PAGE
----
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A question about a nonlinear oscillator

  1. Apr 22, 2006 #1
    :yuck: I numerically integrate the following nonlinear oscillator:
    x''(t) + e (x'(t)^3) + x(t) = 0 , where e<<1
    and what I get is a limit cycle.
    The energy derivative appears to be negative , which means that
    x(t) approaches zero while t approaches infinity.
    I also used the analytical method of two-timing, and the first asymptotic term x0(t) does approach zero for large t.
    ( The algorithm for the numerical integration is Runge-Kutta4. It's unlikely to have written it incorrectly.)
    So where am I wrong?
    Is it possible there is a limit cycle after all?
  2. jcsd
  3. May 2, 2006 #2


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    What value of e did you use?

    I used 1e-3 and Matlab (stiff solver ode15s) showed oscillatory motion until approximately t=7000, then decay to zero.

    What you've got is an almost linear system.

    The eigenvalues (of the linear stability analysis) are imaginary - so you would expect limit cycle behaviour. However, the nonlinear part eventually drives your system.

    (It is almost linear because e is small.)
  4. May 12, 2006 #3
    I used e=0.3 which is not that small.
    So I dropped the R-K4, and used a matrix of the form e^At for the numerical integration, and the system did fade out.
    So I guessed that R-K4 was to accurate for this case. At least for the times 'I could reach'. You see I've been running the integration in matlab, but I've not learned to use ode's yet. So the procedure was very slow (even for t=0:200).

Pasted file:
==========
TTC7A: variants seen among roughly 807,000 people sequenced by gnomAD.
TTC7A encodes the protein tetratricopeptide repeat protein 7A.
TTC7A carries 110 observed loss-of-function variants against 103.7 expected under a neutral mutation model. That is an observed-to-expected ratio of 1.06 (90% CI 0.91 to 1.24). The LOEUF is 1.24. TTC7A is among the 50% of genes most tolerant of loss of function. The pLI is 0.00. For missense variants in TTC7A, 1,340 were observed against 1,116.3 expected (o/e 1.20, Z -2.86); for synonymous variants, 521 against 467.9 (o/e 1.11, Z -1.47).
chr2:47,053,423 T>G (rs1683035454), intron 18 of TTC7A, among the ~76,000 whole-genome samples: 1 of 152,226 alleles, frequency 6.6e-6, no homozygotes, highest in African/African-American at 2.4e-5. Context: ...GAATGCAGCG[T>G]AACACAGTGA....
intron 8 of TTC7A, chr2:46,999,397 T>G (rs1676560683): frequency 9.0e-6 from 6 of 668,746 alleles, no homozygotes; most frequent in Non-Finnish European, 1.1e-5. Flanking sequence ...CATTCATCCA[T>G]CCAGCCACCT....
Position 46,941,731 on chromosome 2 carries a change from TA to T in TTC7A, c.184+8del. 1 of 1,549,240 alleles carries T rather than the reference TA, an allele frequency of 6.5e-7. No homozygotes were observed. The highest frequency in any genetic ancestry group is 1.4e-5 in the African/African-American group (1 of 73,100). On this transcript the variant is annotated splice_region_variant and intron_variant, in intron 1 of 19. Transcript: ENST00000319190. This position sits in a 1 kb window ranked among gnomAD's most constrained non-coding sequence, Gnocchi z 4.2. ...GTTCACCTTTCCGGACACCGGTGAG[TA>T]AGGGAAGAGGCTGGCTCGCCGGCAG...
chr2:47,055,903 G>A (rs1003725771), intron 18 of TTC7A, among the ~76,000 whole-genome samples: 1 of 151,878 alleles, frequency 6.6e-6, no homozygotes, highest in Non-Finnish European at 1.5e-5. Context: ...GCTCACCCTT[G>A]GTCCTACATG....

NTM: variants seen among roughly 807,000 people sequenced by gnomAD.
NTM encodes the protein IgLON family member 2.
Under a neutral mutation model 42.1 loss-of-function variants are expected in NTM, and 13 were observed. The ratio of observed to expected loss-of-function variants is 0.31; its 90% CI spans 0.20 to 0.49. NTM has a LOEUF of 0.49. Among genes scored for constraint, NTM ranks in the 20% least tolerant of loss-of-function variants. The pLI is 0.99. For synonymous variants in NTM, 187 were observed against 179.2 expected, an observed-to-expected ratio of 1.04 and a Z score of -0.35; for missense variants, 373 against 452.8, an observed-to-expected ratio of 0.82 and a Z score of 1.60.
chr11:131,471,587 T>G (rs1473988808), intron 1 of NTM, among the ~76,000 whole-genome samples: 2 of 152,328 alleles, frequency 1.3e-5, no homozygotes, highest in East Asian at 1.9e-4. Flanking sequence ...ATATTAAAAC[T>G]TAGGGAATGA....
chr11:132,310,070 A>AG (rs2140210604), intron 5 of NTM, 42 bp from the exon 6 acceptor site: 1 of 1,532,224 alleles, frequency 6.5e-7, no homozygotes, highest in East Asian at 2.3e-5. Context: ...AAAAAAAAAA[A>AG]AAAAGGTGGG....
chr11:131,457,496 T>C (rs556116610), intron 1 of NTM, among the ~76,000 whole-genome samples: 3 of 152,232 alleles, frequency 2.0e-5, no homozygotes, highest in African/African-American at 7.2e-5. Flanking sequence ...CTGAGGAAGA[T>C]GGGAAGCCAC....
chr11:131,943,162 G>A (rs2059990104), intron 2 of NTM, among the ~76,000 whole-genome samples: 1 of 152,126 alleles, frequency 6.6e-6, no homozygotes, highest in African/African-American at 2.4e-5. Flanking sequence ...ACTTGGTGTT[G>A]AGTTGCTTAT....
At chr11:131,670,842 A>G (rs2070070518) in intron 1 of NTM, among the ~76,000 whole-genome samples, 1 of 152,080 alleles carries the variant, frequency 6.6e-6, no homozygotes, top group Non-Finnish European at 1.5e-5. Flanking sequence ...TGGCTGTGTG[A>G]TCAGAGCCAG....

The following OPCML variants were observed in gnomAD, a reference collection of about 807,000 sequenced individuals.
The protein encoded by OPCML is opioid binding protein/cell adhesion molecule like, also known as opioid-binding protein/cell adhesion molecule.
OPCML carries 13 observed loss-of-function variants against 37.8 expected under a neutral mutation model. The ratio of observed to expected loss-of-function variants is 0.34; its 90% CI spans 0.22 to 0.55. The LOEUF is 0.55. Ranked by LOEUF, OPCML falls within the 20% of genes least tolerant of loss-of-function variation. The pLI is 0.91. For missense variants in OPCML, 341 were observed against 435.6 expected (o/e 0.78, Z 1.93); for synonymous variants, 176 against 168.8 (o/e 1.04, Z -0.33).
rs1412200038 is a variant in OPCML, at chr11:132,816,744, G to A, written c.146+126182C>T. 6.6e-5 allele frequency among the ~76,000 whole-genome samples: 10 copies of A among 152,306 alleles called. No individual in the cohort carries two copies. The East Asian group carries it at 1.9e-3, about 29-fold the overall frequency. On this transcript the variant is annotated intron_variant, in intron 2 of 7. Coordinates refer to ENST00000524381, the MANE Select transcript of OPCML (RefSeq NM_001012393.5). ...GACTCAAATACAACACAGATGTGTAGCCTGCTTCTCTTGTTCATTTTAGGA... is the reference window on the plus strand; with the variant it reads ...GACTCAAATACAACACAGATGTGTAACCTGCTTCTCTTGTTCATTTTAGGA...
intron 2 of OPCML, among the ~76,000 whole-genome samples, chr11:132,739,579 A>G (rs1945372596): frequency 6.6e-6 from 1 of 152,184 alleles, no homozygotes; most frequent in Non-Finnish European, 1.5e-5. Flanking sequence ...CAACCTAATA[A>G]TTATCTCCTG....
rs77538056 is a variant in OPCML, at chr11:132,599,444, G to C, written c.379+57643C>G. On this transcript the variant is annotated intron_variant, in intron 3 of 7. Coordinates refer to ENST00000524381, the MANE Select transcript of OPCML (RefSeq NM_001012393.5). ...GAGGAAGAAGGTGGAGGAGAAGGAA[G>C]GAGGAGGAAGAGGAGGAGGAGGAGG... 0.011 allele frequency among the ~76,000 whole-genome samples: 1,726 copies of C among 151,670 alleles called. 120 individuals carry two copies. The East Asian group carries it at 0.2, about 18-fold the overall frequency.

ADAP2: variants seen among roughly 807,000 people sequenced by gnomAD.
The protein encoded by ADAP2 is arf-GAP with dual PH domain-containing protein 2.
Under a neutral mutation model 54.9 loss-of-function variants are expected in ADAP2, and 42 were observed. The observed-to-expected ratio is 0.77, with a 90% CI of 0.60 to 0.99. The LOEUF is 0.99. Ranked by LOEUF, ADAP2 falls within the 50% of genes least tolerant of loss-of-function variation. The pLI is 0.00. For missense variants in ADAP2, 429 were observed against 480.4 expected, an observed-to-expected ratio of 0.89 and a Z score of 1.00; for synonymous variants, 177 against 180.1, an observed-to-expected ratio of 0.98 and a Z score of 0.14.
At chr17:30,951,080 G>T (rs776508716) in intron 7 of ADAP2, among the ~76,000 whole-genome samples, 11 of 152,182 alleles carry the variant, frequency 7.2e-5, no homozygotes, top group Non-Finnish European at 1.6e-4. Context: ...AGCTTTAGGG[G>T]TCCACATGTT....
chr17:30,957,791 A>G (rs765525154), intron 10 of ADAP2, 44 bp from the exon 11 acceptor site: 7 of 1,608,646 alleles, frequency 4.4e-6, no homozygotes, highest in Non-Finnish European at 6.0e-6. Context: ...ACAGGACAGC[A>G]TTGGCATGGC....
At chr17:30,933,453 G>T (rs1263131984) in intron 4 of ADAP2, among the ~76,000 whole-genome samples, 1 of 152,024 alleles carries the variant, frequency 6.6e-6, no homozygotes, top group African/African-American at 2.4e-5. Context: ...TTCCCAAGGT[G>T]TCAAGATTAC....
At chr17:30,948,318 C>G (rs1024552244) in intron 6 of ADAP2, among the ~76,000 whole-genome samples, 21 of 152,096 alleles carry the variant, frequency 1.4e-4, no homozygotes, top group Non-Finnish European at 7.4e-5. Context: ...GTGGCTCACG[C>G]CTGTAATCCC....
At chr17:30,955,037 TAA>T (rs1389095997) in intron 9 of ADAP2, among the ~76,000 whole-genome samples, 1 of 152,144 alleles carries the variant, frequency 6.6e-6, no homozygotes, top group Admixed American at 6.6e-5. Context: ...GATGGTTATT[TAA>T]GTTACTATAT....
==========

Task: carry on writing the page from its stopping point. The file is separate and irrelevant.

(I find it quite inconvenient that Matlab is so slow in loops.)

    Anyway thanks. I think I get your point. The non-linearity reveals itself after a long time in the particular system.
  5. May 13, 2006 #4
    This is completely off-topic, but when I'm confronted with a bottleneck in Matlab, I always write the critical parts in C and then call it as MEX file. This usually speeds up things by orders of magnitude.
  6. May 15, 2006 #5
    Thank you Tantoblin.
  7. May 15, 2006 #6


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    ...but looking at [tex]e^{At}[/tex] will only give you results for the linear system (+ something about transients of the full nonlinear system)
  8. May 22, 2006 #7
    I am not sure whether I understand what you mean, but the A in the e^At wasn't stable (or linear if better).
  9. May 22, 2006 #8


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    You'll only see the limit cycle behaviour by looking at the matrix exponentials...

    ie. From the purely complex eigenvalues of the linearised system given by A.

    iie. if the nonlinearity kicks in (for any e), you won't see it.
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